When the Catholic church is making more progress during the US Congress…
"In my music – if it has a purpose beyond dancing and fun and vacuuming your floor to it – I always try to gauge the distance between American reality and the American dream."—A VERY HAPPY DAY TO THE BOSS
I’m not a businessman. I’m a business, man.
Steve Martin = understated genius.
on the street in Paris
Stanley: Since 1913
I took an old-fashioned green Stanley thermos with me to work this morning. It’s fairly unremarkable; something that people have used to take coffee on the go for a hundred years. But now I have this big, fat, olive green thermos sitting on the desk of my cubicle, surrounded by the trappings of office life - the screens and monitors and buttons all in varying shades of gray and dark gray and slate gray and black - and there’s something quite pleasing about it. Maybe it’s the heft of the thing, compared to all those brightly colored slim plastic travel mugs shaped to fit your hand that are everywhere these days, or that I associate these kinds of thermoses with camping and outdoors adventures and men warming up old coffee over a fire. It’s completely out of place in the corporate world, at once reminding me that there’s life and experiences and a world outside my cubicle, and suggesting to everyone else that there are other parts to my life and me than the 8 to 6 grind.
I’ve been interested for a few years now in the way menswear has hearkened or reverted to this rugged outdoorsman look, and how mens’ magazines and blogs and Tumblrs are all about being a gentleman and having old-fashioned virtues and drinking old-fashioneds. The Stanley thermos would not be out of place on any of these blogs, suggested as more authentic and durable and manly than your everyday Starbucks cup. And the thing is, as I’m looking at this thermos on my desk, I sort of get the whole thing: all of the beards in Williamsburg, and artisan/hand-craftedness and Made in the USA fever, and the trend among upper middle class urban men to take up an interest in hunting, even as they spend their days slaving away in front of computer screens drinking cups of Keurig coffee. It’s maybe a little tiny form of rebellion against the corporate world, a gesture toward a more interesting, rougher world that they can’t inhabit because of economics and social status and norms and obligations.
I used to think that this whole trend was a kind of superficial artifice of manliness, and that young guys’ obsession with seeming masculine and fitting the mold of masculinity was sort of a regression, as women were continually trying to break through stereotypes of feminity. You would never see Cosmo or Glamour telling women to act ladylike and dress ladylike, etc., but you do see that all over the pages of Esquire and GQ and friends. I think there’s still some truth to that reading of it, that there is this desperate bid among young upper class men to retain a sense of masculinity in a sort of asexual world of office work.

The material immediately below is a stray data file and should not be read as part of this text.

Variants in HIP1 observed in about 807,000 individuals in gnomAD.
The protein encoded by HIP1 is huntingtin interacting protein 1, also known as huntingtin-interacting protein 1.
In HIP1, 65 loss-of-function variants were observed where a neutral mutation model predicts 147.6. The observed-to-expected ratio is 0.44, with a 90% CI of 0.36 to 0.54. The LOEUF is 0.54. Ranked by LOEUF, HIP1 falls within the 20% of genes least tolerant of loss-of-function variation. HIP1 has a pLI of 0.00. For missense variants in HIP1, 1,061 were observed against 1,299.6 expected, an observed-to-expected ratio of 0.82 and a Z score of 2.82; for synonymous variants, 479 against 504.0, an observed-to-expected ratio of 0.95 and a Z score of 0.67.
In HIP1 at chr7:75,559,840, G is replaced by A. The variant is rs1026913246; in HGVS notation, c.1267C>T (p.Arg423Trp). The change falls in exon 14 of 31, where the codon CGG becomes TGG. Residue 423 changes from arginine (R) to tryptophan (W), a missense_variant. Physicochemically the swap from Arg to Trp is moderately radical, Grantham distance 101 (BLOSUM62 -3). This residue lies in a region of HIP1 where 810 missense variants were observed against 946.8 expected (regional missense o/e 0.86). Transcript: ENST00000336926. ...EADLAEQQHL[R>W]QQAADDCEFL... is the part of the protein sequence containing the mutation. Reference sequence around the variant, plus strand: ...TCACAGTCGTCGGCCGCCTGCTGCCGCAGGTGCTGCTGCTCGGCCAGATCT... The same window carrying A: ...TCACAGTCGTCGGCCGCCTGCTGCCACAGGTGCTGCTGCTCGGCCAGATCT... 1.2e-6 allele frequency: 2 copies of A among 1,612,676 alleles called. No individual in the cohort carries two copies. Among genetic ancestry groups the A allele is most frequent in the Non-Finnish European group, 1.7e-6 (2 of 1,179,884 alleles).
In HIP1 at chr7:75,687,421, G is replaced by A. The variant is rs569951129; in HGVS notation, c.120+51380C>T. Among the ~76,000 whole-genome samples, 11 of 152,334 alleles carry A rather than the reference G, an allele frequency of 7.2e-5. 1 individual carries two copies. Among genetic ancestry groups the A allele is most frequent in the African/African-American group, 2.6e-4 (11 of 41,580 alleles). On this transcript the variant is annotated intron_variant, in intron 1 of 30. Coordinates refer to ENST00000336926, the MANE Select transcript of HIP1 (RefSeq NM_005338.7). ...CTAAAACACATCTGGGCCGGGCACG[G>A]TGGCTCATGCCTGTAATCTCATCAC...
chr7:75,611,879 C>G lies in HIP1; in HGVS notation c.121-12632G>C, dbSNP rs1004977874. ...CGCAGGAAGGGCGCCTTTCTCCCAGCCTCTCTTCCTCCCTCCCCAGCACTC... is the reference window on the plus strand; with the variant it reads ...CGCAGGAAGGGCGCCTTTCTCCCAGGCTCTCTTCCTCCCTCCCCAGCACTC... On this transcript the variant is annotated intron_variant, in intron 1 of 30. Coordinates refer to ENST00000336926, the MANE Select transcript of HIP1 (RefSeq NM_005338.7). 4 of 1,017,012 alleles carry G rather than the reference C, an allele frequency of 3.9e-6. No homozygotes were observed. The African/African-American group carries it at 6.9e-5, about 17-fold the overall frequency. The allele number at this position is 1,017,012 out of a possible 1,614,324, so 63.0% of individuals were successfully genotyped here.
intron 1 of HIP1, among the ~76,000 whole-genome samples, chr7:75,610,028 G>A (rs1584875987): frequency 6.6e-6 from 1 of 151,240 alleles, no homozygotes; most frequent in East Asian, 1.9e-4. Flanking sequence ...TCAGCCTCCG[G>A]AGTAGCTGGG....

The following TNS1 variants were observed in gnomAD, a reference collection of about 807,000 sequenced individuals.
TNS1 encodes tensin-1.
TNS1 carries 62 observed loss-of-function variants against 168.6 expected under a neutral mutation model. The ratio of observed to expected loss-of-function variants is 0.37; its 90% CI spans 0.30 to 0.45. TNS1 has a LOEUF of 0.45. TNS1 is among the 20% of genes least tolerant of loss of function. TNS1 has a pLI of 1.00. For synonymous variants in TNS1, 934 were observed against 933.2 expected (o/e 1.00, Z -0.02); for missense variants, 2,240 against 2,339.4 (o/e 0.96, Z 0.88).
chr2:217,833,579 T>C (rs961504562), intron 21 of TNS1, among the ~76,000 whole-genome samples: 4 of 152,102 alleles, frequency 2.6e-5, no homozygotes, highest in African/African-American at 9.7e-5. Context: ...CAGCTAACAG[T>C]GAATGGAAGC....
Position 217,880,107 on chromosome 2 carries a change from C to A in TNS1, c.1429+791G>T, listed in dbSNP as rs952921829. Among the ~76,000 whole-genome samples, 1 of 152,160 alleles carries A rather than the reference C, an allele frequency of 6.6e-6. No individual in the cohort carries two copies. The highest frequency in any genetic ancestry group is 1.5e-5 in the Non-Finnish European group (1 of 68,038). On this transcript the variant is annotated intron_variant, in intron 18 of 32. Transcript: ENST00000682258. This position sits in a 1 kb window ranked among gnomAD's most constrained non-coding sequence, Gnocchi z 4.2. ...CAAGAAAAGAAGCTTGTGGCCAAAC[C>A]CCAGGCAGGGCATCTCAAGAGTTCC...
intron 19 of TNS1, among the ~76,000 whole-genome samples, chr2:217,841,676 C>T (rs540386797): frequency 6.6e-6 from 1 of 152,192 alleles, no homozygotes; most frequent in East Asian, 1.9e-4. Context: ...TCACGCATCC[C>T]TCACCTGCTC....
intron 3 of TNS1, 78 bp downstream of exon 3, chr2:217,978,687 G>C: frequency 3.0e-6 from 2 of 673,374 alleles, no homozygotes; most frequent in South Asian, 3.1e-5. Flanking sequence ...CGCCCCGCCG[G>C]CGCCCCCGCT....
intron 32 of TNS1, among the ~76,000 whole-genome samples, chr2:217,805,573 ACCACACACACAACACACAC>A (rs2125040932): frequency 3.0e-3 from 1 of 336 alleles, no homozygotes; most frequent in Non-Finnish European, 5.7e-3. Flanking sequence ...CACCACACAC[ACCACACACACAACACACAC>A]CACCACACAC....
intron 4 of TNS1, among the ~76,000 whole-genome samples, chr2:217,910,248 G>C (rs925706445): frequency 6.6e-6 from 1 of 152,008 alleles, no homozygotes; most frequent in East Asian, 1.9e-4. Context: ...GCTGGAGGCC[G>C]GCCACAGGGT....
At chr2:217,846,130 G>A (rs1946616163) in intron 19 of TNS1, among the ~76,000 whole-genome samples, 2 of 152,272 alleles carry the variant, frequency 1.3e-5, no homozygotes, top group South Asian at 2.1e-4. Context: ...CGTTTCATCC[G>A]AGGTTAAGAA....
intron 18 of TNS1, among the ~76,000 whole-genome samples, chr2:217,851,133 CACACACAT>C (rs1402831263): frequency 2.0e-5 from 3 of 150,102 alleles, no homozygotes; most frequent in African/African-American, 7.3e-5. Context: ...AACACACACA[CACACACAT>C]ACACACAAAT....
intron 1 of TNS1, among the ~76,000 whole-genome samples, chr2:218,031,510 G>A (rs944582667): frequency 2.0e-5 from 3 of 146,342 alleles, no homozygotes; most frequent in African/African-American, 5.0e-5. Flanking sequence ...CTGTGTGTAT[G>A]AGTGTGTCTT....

But there’s a less cynical and more charming aspect, too, I now think. There’s something sort of simplistic, and a little sad, and a little uplifting about getting a kick out of drinking out of an old Stanley coffee thermos, or a mason jar if that’s your thing. It’s like there’s this quiet undercurrent running through all of our work lives: we’re all stuck here, together, doing this computer work, and we all kind of wish we could do something more adventurous and fun and exciting and, hell, 3D, but we can’t figure out how to get out of this technological mess we got ourselves into, and so we take instead these small symbols that connect us to that world, to those narratives, and we get a little joy out of it.
Biking is Sweaty
I rode my new bike to work today. Well, no, that’s a lie. I rode my bike to the express subway stop, which is a mile from my apartment via crowded, narrow Brooklyn Heights streets. It’s only in the 50’s, weather-wise, in the mornings these days, but all of the other commuter bikers are apparently riding in the tour de France this year and practicing on the streets of Brooklyn, and so I have to practice, too, and I ended up getting really sweaty and overheated and over stressed trying to keep up with the biking joneses. Plus, I haven’t yet figured out what to wear to a competitive bike race that turns into a corporate job in the same morning: a backpack? No. My leather shoulder bag? Maybe, but things don’t really stay on shoulders while on bumpy bikes. A blouse? Not a good look when doused in sweat.
On the other hand, it’s kind of nice feeling like my muscles get to move a bit before sitting at a cubicle the rest of the day, and zipping around the neighborhood I really do like, handlebars vibrating underneath me, is kind of a cool way to start the morning.
But if past is any predictor of future, my bike will probably be stolen anyway when I get back to Brooklyn Heights tonight. At least then I’ll be able to keep taking my taxis four blocks in the morning guilt-free.